§ Mr. Jim Cunningham
To ask the Secretary of State for Health how many obese people there are in the UK population; and what evaluation he has made of the average resultant cost to the NHS per individual. 
§ Ms Blears
[holding answer 19 March 2003]: The Health Survey for England 2001 shows that the prevalence of obesity continues to rise and that 21 per cent. of men and 23.5 per cent. of women were obese. Analysis of the Health Survey for England 1999 showed the prevalence of obesity in children was 10 per cent. at age six rising to 17 per cent. at age 15.
Information is not available on the direct cost for each individual to the national health service of treating obesity. However, the National Audit Office report "Tackling Obesity in England", published in February 2001, estimated that the direct cost to the NHS of treating obesity in 1998 was £9.4 million. Treating the consequences of obesity cost the NHS approximately £480 million per year, or about 1.5 per cent. of the total NHS expenditure for that year.206W
The Government are committed to halting the current trend of increasing overweight and obesity in both children and adults through cross-government work on diet and physical activity.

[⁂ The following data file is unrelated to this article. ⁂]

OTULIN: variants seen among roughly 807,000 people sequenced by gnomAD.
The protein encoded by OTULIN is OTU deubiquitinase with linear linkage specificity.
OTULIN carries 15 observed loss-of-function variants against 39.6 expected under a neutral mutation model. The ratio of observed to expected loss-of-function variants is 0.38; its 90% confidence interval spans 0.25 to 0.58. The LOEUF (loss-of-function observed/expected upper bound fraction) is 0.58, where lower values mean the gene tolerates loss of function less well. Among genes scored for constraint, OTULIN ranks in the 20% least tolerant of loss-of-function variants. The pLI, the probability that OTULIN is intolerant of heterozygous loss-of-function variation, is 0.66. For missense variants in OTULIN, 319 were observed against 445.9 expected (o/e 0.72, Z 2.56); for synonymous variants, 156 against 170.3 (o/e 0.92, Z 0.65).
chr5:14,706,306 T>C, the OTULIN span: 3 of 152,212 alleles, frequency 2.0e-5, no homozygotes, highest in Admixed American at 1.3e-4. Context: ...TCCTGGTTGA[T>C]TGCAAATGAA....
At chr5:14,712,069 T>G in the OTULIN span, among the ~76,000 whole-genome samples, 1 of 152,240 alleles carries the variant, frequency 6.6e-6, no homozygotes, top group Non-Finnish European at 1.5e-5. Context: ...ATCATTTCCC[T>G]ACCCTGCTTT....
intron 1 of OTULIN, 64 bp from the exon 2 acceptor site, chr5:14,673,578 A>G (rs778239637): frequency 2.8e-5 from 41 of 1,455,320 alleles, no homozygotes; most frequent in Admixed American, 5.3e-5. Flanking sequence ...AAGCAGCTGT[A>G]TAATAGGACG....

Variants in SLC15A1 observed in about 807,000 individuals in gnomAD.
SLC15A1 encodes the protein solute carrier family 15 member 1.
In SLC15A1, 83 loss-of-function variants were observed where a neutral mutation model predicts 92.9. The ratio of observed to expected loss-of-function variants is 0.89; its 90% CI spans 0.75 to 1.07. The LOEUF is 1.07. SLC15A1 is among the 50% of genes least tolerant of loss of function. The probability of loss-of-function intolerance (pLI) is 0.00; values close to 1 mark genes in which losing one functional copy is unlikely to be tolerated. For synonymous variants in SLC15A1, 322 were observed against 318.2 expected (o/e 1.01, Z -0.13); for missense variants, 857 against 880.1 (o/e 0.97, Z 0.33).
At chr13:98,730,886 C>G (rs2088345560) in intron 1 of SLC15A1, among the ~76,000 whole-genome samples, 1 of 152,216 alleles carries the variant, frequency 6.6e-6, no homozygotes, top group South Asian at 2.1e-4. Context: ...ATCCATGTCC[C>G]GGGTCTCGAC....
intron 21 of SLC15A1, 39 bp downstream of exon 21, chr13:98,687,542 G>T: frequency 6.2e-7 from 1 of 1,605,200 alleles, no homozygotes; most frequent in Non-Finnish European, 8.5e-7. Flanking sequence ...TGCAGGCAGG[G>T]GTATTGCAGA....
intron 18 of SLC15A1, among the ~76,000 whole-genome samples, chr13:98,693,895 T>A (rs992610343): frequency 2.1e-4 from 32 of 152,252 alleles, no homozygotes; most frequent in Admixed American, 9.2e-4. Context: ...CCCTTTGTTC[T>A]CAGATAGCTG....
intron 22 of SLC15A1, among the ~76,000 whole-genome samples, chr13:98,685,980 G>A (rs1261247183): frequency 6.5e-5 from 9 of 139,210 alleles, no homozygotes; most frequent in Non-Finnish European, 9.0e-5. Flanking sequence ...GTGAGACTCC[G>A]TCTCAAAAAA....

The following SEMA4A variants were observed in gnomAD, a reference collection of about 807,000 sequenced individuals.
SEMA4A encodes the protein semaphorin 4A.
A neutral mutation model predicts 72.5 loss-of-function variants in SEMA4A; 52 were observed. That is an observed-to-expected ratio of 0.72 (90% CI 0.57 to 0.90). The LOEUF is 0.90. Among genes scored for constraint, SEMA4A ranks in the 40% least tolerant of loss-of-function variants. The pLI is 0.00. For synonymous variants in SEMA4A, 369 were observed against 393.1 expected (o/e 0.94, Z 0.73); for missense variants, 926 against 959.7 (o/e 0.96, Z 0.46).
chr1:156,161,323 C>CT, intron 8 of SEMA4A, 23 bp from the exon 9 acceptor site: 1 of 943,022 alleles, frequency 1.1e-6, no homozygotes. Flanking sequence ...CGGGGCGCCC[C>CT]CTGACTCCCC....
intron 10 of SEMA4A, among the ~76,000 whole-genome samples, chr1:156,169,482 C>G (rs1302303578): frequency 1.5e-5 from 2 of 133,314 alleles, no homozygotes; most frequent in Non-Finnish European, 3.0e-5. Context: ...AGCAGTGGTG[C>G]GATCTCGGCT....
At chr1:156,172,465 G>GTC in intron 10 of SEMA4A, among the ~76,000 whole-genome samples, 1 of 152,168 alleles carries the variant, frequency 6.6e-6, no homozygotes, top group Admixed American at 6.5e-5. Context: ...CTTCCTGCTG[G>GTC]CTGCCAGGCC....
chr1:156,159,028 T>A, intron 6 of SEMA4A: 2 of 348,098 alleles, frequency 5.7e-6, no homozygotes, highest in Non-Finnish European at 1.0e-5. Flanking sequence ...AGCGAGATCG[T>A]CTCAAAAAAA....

§ Nick Harvey
To ask the Secretary of State for Health how many children were diagnosed in each region as being clinically obese in each of the last 10 years. 
§ Ms Blears
The prevalence of overweight and obesity is increasing in children in England. Information is not collected centrally on how many children are diagnosed as being clinically obese in each region. However, analysis of the Health Survey for England 1999 estimated the prevalence of obesity to be 10 per cent. at age six rising to 17 per cent. at age 15.